This week, in an anticipated move, the Fed lowered the Fed Funds rate in order kick-start what was seen as a global economic slow-down. President Trump has asked the Fed to lower interest rates even further, not satisfied with the quarter point rate cut the Fed provided. As a matter of fact, the President appears to favor rates near zero or even dipping into negative territory. While that hypothetical situation is possible, the more immediate question is how the latest rate cut impacts consumers right now?

Little effect on mortgages

Mortgages are not tied to the Fed funds rate, which is the inter-bank rate that banks lend to each other. The mortgage rates are most commonly tied to the 10-year Treasury, which is not directly impacted by Fed actions. However, Treasuries are subject to market pressures, and instability in the markets caused by a variety of factors, including Fed actions, could continue to drive rates lower. It could take some time to see how the Treasury market ultimately responds to various pressures.

Prime rate borrowing rates decrease

Any credit products that track the Prime interest rate will dip lower. Credit cards, auto loans, and even HELOCs should see a decrease in interest rates due to Fed actions. This will make the cost of borrowing less expensive, lower monthly payments, and decrease interest over the life of auto loans, etc. Credit card users may only see a few cents difference in their monthly payments, though, depending on the amount owed.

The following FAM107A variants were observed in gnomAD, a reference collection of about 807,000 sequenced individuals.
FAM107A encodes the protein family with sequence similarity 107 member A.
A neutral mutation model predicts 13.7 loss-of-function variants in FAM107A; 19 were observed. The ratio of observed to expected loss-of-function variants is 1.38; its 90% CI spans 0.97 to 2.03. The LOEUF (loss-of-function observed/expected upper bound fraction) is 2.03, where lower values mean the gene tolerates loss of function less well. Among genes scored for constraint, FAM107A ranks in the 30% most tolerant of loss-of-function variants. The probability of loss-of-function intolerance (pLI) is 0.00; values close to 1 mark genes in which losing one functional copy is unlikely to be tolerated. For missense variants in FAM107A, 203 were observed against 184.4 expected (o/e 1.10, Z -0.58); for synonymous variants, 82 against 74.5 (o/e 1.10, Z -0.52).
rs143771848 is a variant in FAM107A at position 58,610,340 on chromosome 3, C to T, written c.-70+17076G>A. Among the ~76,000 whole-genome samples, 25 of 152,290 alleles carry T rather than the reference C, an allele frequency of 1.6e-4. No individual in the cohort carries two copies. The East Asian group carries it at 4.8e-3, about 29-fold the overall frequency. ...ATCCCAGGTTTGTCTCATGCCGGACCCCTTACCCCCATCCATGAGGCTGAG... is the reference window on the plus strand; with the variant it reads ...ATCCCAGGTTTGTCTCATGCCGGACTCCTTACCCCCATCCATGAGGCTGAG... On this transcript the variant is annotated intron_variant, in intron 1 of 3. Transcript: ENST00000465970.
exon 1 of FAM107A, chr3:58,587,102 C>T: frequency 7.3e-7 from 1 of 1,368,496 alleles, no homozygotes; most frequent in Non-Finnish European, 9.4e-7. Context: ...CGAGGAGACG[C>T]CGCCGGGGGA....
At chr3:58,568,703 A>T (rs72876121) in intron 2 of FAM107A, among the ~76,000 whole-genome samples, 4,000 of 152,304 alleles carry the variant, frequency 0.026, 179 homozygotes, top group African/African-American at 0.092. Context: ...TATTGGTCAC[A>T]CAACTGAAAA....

Savers will earn less

The unfortunate impact of lower interest rates is that the incentive to save money decreases, as savers earn less on their savings. Some may turn to equities markets to try to recoup some of the lost earnings, but the hardest hit will be older Americans who may rely on interest from savings, CDs, and bond investments to augment their Social Security income.

We can’t know at this point if additional rate cuts will come to fruition in the future, or if the Fed will once again head toward its previously plan of increasing rates. This will largely depend on how the economy responds to this latest action, continued pressures from tariffs and other political maneuverings. However, don’t let the dis-incentive to save deter you from saving for retirement and maintaining an emergency fund. Even though interest-bearing savings accounts may take a hit from lower interest rates, it’s important for your own financial health to have enough savings to weather unexpected repairs to your home or unanticipated unemployment.

If you are shopping for a new home, give us call! Whether you are looking to buy or sell a home in Northern Virginia, we are always here to help with all your real estate needs! If you are unsure of your home’s value or if you are thinking about buying or selling, contact Jason at 703-298-7037 or Jason@JasonAndBonnie.com.